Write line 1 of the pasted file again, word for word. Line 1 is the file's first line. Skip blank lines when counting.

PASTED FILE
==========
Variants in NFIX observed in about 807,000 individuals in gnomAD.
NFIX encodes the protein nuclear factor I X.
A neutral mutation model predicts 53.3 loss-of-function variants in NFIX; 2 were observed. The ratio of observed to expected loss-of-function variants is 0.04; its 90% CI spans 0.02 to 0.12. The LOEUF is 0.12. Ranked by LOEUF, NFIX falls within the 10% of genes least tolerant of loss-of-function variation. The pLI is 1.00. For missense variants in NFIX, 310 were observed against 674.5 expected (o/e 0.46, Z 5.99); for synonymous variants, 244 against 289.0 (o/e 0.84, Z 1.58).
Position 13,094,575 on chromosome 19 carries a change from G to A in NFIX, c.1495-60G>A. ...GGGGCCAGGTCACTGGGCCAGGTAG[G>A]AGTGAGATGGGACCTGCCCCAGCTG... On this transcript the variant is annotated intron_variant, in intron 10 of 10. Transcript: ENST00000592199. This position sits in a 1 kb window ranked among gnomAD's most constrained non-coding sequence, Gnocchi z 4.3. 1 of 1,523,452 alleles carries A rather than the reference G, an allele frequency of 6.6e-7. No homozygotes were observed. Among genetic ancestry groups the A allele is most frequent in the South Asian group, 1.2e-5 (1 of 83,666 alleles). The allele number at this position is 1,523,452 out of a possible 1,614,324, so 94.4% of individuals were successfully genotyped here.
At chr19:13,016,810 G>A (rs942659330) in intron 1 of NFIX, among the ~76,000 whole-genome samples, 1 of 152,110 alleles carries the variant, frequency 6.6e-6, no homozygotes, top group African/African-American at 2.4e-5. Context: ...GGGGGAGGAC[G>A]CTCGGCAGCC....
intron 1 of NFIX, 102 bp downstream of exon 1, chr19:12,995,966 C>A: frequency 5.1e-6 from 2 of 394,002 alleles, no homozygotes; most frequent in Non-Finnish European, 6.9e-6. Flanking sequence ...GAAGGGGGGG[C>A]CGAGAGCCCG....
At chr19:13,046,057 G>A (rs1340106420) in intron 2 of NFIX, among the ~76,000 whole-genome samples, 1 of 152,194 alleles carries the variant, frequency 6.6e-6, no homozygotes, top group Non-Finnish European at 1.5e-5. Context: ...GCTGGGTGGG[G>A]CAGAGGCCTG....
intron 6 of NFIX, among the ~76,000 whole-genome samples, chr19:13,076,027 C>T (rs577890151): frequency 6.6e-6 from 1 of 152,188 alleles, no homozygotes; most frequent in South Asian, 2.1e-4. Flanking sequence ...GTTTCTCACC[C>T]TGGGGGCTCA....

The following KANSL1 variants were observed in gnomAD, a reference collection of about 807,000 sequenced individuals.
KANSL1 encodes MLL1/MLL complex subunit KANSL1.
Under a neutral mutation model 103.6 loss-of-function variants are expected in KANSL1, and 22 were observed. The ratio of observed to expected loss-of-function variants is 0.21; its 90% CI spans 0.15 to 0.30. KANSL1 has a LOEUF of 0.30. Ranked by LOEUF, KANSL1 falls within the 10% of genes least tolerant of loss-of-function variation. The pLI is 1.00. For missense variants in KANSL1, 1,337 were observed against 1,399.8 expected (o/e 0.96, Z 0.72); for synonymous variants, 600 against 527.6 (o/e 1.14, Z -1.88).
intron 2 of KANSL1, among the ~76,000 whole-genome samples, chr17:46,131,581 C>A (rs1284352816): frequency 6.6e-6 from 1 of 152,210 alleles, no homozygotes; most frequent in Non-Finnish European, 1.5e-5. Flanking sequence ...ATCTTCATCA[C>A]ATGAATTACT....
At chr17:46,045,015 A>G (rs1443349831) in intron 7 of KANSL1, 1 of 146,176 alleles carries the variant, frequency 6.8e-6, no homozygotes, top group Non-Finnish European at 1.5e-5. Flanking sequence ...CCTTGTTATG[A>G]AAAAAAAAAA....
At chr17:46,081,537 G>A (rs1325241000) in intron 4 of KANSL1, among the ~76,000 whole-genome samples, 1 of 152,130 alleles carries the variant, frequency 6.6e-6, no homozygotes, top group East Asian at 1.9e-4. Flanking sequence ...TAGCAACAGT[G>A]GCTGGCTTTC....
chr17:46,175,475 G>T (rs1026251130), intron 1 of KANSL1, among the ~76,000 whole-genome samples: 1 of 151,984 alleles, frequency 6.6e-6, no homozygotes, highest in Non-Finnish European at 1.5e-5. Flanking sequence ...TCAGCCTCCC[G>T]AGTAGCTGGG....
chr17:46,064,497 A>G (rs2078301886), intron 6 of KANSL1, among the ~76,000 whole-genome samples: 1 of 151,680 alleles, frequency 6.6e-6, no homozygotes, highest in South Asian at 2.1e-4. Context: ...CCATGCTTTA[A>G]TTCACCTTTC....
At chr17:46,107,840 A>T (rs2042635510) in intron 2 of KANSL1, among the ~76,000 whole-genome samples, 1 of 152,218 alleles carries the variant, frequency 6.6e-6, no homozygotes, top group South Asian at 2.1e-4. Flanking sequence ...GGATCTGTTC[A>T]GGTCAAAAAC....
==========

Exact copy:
Variants in NFIX observed in about 807,000 individuals in gnomAD.